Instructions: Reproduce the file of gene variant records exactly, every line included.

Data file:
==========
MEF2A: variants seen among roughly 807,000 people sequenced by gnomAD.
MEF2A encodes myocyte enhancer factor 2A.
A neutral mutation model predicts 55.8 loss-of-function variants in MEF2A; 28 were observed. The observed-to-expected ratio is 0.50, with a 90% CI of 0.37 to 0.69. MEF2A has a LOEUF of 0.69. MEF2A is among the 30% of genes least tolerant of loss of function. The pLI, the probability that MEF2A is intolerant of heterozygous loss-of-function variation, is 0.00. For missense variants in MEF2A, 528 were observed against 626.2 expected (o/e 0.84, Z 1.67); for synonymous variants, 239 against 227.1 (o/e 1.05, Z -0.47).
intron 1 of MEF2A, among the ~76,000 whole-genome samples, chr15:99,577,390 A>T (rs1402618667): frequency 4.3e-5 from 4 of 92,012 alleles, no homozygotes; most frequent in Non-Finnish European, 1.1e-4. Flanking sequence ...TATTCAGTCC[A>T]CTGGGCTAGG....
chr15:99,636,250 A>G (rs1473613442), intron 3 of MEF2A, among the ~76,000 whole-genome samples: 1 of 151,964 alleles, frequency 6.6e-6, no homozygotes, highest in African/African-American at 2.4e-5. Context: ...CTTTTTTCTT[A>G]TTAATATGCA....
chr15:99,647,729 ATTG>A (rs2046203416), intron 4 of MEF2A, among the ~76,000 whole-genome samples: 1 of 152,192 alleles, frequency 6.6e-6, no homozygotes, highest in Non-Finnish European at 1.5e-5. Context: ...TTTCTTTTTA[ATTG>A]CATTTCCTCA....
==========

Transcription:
MEF2A: variants seen among roughly 807,000 people sequenced by gnomAD.
MEF2A encodes myocyte enhancer factor 2A.
A neutral mutation model predicts 55.8 loss-of-function variants in MEF2A; 28 were observed. The observed-to-expected ratio is 0.50, with a 90% CI of 0.37 to 0.69. MEF2A has a LOEUF of 0.69. MEF2A is among the 30% of genes least tolerant of loss of function. The pLI, the probability that MEF2A is intolerant of heterozygous loss-of-function variation, is 0.00. For missense variants in MEF2A, 528 were observed against 626.2 expected (o/e 0.84, Z 1.67); for synonymous variants, 239 against 227.1 (o/e 1.05, Z -0.47).
intron 1 of MEF2A, among the ~76,000 whole-genome samples, chr15:99,577,390 A>T (rs1402618667): frequency 4.3e-5 from 4 of 92,012 alleles, no homozygotes; most frequent in Non-Finnish European, 1.1e-4. Flanking sequence ...TATTCAGTCC[A>T]CTGGGCTAGG....
chr15:99,636,250 A>G (rs1473613442), intron 3 of MEF2A, among the ~76,000 whole-genome samples: 1 of 151,964 alleles, frequency 6.6e-6, no homozygotes, highest in African/African-American at 2.4e-5. Context: ...CTTTTTTCTT[A>G]TTAATATGCA....
chr15:99,647,729 ATTG>A (rs2046203416), intron 4 of MEF2A, among the ~76,000 whole-genome samples: 1 of 152,192 alleles, frequency 6.6e-6, no homozygotes, highest in Non-Finnish European at 1.5e-5. Context: ...TTTCTTTTTA[ATTG>A]CATTTCCTCA....